Myles says that his job, though stressful and unpredictable, is his dream. Despite the challenges of juggling commitments to many schools at once, he finds satisfaction in seeing his creations come to life.

“When it’s a really competitive band and they take it seriously, they perform at such a high level that it’s very rewarding and fun to see the kids’ reactions after they perform a show,” Myles says. “Kids are always thanking me on Facebook and sending me little messages on Instagram.”

Myles is on full-time staff for Gainesville High School’s band department during competition season. Ally Mandes, a senior at GHS, says students like Myles because he’s willing to joke with them.

“He is simultaneous all business, all ‘Let’s get this thing done,’ but also chatty and joking around with everyone,” she says. “He’s the approachable (teacher) in the band room.”

Outside the GHS band room, Myles keeps occupied with other schools. Every year, Myles waits until late spring for the final count of band members per school. Then he is on crunch time until August to write the design, communicate with band directors, teach shows and help bands execute them.

During his busy season, he frequently writes drill in the middle of the night, preferring to spend much of his day playing with his 4-year-old daughter, Kaishori.

“I just like the teaching experience; I love working with these kids,” he says.

Jeremy Lee, director of Unity Percussion and Group 352, two area indoor percussion groups, has worked with Myles for almost 15 years. He says Myles is so good with high school students because he is both firm and motivating.

Lee says his proudest moments with Myles don’t revolve around trophies or accolades — though there are several of those — but the difference they make in the lives of students.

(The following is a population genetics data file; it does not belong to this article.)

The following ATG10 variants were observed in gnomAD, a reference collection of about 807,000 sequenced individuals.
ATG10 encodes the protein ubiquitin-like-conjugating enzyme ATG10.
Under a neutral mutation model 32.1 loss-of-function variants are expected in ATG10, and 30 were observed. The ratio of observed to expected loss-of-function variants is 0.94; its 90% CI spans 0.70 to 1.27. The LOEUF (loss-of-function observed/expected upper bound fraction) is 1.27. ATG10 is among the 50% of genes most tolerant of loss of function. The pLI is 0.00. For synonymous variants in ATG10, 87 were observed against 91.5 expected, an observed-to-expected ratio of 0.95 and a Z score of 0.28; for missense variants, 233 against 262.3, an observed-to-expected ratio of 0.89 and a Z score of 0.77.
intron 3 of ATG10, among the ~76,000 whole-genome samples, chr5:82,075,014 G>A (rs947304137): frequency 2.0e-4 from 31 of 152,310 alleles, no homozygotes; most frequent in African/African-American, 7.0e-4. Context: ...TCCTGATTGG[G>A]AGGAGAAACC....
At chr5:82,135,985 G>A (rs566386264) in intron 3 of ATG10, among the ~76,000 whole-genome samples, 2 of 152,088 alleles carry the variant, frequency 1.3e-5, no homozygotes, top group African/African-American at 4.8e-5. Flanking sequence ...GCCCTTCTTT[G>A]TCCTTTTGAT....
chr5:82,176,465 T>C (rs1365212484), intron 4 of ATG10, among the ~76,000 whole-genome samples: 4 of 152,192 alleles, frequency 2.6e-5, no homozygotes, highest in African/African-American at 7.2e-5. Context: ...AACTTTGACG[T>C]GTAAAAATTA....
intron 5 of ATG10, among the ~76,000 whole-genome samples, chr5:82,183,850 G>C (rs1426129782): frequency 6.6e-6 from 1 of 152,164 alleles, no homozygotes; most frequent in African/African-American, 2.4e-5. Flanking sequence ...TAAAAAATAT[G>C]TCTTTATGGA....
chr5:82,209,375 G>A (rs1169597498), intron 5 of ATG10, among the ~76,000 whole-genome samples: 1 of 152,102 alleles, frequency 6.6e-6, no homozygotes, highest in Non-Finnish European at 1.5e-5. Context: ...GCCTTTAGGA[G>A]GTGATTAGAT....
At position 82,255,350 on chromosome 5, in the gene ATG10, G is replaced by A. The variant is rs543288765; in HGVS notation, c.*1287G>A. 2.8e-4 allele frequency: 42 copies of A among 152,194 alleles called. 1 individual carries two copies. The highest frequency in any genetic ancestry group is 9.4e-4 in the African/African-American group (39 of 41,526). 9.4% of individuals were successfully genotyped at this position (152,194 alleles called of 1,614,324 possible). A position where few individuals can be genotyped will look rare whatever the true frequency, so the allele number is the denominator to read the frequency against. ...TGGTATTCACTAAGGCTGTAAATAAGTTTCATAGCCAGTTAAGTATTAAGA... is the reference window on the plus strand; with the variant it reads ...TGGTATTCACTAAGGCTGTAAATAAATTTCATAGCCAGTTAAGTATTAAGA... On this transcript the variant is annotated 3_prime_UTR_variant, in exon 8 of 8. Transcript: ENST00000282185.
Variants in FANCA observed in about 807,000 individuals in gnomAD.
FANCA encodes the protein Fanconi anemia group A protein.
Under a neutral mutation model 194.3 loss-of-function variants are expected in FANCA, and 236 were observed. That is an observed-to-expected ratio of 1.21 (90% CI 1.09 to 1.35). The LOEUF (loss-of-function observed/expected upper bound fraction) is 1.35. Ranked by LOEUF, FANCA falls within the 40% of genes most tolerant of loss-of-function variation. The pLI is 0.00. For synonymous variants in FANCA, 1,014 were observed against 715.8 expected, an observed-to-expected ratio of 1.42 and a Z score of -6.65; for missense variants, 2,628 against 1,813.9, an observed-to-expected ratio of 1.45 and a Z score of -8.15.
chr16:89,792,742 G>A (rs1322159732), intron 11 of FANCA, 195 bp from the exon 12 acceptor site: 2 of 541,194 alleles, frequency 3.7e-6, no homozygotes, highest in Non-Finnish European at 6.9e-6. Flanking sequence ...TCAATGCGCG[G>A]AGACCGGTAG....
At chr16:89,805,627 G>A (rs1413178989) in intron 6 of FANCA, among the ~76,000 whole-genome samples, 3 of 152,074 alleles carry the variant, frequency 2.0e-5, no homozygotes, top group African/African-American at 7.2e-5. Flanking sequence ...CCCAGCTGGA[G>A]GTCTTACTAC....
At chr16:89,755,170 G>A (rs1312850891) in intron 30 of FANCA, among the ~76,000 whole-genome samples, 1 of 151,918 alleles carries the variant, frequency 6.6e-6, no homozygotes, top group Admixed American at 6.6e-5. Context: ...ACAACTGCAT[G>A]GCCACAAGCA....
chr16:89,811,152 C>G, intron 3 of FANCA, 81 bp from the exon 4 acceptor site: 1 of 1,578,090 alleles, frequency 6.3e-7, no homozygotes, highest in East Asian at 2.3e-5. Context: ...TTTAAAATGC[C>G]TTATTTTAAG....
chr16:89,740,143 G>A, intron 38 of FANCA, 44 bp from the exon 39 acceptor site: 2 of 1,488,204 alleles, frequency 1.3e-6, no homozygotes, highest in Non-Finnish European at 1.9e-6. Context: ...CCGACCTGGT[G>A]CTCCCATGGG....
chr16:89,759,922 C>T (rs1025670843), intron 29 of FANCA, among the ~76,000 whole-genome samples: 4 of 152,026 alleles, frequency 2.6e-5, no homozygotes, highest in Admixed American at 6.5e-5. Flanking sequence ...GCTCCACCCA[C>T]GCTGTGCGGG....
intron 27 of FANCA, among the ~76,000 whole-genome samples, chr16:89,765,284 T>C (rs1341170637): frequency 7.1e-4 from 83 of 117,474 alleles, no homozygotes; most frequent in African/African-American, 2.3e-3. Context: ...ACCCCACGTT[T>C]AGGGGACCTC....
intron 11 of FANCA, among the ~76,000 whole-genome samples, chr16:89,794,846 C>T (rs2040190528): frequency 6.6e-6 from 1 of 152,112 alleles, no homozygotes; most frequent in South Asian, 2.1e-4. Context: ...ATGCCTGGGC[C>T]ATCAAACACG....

“We’ve won state championships and titles, but those are all things that we can just dust off and look at from time to time,” Lee says. But it’s cool to see the kids that we’ve worked with...they come back six and seven years later and say to us ‘You know, you’ve really made a difference in our lives.’ That’s our biggest accomplishment.”

Myles talks animatedly about the band camp season and the huge workload he’ll face before it arrives in late July or early August. He hopes to start writing drill as early as April to lighten the load later in the summer. He is simultaneously weary and excited, thinking about all the new faces, inside jokes and sunny days spent carrying heavy brass and drums.

Myles says writing drill gives him the opportunity to stay in the marching band family that he loved in high school.

“You can discover yourself through band,” he says. “It’s really all about making these friends. They go to the band room and that’s their spot, that’s family.”

Once a band kid, always a band kid.

Camille is a reporter for WUFT News who can be reached by calling 352-392-6397 or emailing news@wuft.org.